Only you can bring your insights, your interpretations, your ideas to a subject. Whether you’re writing nonfiction or fiction, you get to bring a unique viewpoint to your reader.

Keep your antenna tuned to stories you hear, events going on,  quotes shared, or news reported. Look for that nugget you can use. Offer your reader your vision, viewpoint, perspective, position, belief, idea, or attitude regarding that nugget. Of course, you don’t want to alienate your reader, but you can show your reader a new or different way to look at a topic.

Think about Lincoln. How much has been said about him and his presidency? Yet, someone found a different angle and the public gets the benefit. Don’t deny your reader by holding back. About the time you think it’s all been said, remember that it hasn’t been said by you!

Happy writing!


Editing is a Critical Part of the Writing Process

October 3, 2012

I attended two meetings and one seminar last week and one issue surfaced in each venue–today’s writing needs more editing. When pressed for more details, each person talked about the explosion of independent publishing created by technology and the deterioration of the quality of the end result. Most of the complaints centered around e-books, but independently published (aka self-published) print books were just as bad.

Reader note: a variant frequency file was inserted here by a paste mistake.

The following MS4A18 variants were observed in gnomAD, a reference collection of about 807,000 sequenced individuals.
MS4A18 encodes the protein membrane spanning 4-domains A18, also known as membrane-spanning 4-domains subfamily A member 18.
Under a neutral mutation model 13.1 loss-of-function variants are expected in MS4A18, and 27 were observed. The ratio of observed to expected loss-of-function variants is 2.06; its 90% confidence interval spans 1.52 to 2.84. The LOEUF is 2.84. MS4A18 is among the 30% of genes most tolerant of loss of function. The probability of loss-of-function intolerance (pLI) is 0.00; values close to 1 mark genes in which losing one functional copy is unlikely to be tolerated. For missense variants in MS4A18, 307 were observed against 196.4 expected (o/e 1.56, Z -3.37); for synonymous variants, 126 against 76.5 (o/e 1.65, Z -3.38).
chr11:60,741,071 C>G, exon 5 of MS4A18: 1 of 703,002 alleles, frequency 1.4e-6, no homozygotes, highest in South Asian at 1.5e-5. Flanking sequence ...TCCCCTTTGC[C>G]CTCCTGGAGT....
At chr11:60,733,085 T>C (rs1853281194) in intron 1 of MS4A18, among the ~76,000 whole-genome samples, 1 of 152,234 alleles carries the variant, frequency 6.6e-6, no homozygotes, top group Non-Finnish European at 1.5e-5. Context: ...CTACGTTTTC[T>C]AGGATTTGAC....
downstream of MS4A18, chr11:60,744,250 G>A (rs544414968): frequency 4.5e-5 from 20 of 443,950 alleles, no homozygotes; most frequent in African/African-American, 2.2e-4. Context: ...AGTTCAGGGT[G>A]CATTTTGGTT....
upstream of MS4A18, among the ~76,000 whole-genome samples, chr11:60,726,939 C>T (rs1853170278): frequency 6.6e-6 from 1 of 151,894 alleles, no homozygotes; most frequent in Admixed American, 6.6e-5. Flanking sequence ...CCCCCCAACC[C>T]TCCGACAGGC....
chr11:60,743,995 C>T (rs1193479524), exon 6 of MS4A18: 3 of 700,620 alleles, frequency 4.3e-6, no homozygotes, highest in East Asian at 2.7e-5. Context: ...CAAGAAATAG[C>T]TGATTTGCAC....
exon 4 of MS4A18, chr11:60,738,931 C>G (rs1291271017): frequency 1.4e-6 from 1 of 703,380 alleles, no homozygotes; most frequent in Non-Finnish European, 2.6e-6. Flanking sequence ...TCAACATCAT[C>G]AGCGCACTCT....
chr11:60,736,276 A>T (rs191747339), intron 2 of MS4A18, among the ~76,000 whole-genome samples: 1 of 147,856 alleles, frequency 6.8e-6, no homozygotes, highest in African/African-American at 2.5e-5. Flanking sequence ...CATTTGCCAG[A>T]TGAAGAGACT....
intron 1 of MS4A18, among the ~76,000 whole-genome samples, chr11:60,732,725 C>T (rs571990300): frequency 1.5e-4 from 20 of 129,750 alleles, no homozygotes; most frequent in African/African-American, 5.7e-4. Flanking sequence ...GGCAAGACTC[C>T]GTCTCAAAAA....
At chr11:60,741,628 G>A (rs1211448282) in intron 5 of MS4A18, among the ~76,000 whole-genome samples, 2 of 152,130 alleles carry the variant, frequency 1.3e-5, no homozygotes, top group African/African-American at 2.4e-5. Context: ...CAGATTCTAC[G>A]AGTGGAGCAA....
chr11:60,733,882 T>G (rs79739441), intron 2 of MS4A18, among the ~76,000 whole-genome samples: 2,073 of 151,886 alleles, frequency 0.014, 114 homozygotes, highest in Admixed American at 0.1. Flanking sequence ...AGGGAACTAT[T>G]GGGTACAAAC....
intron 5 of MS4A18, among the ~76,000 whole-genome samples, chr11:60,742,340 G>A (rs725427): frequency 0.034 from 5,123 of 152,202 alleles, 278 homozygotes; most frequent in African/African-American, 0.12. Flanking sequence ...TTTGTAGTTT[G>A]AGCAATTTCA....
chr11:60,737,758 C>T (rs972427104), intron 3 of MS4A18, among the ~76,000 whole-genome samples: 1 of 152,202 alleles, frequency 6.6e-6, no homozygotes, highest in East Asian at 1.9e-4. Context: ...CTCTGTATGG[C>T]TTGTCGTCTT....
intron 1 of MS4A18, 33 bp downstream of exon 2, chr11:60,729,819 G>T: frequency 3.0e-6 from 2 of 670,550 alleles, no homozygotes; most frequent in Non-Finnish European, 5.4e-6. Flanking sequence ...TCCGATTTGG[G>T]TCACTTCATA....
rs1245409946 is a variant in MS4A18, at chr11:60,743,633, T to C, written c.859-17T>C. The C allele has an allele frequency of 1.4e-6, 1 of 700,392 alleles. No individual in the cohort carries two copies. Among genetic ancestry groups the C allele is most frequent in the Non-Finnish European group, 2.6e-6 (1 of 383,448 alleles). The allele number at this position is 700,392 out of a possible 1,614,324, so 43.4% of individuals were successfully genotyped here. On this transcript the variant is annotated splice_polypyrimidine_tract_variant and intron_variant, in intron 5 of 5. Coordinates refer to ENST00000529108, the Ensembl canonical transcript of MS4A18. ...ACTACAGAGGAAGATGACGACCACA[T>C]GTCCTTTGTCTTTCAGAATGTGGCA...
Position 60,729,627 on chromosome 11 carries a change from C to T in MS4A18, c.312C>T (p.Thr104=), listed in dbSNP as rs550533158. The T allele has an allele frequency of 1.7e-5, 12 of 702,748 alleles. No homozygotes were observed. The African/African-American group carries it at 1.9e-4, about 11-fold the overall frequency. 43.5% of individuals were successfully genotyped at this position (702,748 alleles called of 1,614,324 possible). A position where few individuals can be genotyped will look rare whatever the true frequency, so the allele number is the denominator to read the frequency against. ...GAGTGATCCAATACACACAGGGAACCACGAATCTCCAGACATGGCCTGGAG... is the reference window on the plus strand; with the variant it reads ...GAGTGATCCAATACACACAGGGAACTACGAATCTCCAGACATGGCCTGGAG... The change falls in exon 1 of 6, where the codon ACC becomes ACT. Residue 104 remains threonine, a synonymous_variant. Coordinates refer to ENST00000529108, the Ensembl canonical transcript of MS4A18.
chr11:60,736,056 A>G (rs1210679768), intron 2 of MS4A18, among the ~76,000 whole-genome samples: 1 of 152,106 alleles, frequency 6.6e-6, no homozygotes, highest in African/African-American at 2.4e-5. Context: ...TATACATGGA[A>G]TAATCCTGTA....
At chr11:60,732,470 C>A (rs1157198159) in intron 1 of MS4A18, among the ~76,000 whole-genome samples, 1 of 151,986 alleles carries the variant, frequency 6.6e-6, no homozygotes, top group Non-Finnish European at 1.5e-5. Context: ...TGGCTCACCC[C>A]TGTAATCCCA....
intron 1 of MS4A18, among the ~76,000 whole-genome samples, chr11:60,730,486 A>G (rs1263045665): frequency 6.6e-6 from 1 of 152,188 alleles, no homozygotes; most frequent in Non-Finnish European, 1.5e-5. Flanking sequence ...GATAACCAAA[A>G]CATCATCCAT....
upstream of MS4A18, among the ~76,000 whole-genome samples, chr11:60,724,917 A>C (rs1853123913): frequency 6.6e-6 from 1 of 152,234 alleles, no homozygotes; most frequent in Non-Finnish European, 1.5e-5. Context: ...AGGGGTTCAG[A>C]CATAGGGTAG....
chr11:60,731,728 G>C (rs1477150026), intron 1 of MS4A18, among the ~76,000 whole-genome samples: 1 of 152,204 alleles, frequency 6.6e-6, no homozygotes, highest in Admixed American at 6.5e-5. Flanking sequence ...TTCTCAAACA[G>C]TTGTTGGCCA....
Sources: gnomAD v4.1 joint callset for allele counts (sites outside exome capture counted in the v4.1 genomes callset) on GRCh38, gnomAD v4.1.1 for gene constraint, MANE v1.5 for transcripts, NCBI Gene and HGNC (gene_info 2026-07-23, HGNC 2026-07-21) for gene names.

Here are some of the points raised in the discussions during last week’s meetings:

  • Simple punctuation errors such as where to place commas or periods with quotation marks (both go inside the quotation mark, by the way).
  • Simple punctuation errors such as whether or not to place a comma before the conjunction in a series (per the book industry standard, Chicago Manual of Style, a comma goes before the conjunction in a series).
  • Pronoun/antecedent disagreement (plural pronouns such as they or their with singular antecedents such as speaker). Example: When a speaker tells their audience a story, they should use more gestures. Edited version: Most speakers should use more gestures when telling stories to their audiences.
  • Overuse of trite expressions.
  • Overuse of favorite words or phrases.
  • Overuse of scare quotes. Scare quotes are the quotation marks put around words. These should be used judiciously and only when “scaring” a reader into seeing a word is used in unusual manner. Too many scare quotes become distracting.
  • Capitalization of job titles without a person’s name. Example: I couldn’t reach the Principal, so I called the Superintendent.
  • Using ellipsis to show a break or pause. The correct punctuation for that is a dash. Ellipsis shows omission, not pause. The one exception is that ellipsis is correctly used  in dialogue to show faltering speech.
  • Sometimes words are missing.

The take-away from the discussions is the writer’s credibility is compromised, if not dismissed, when he or she shows little regard for details before publishing.

One caution, however. Avoid asking people who love you (and everything you write) to help you with your editing. They simply won’t tell you where your writing lacks clarity or needs work, either because they don’t see it  themselves or they don’t want to risk hurting you.

Do yourself and your reader a favor and invest in hiring an editor before you independently publish your work. The perception of your credibility depends on it.

Does all of this mean your “baby” won’t have a birthmark? No. Writers are human. Editors are human. Humans make mistakes. It happens, even in the big publishing houses. All I’m suggesting is it’s worth doing a little extra editing for both you and your reader.

Happy writing!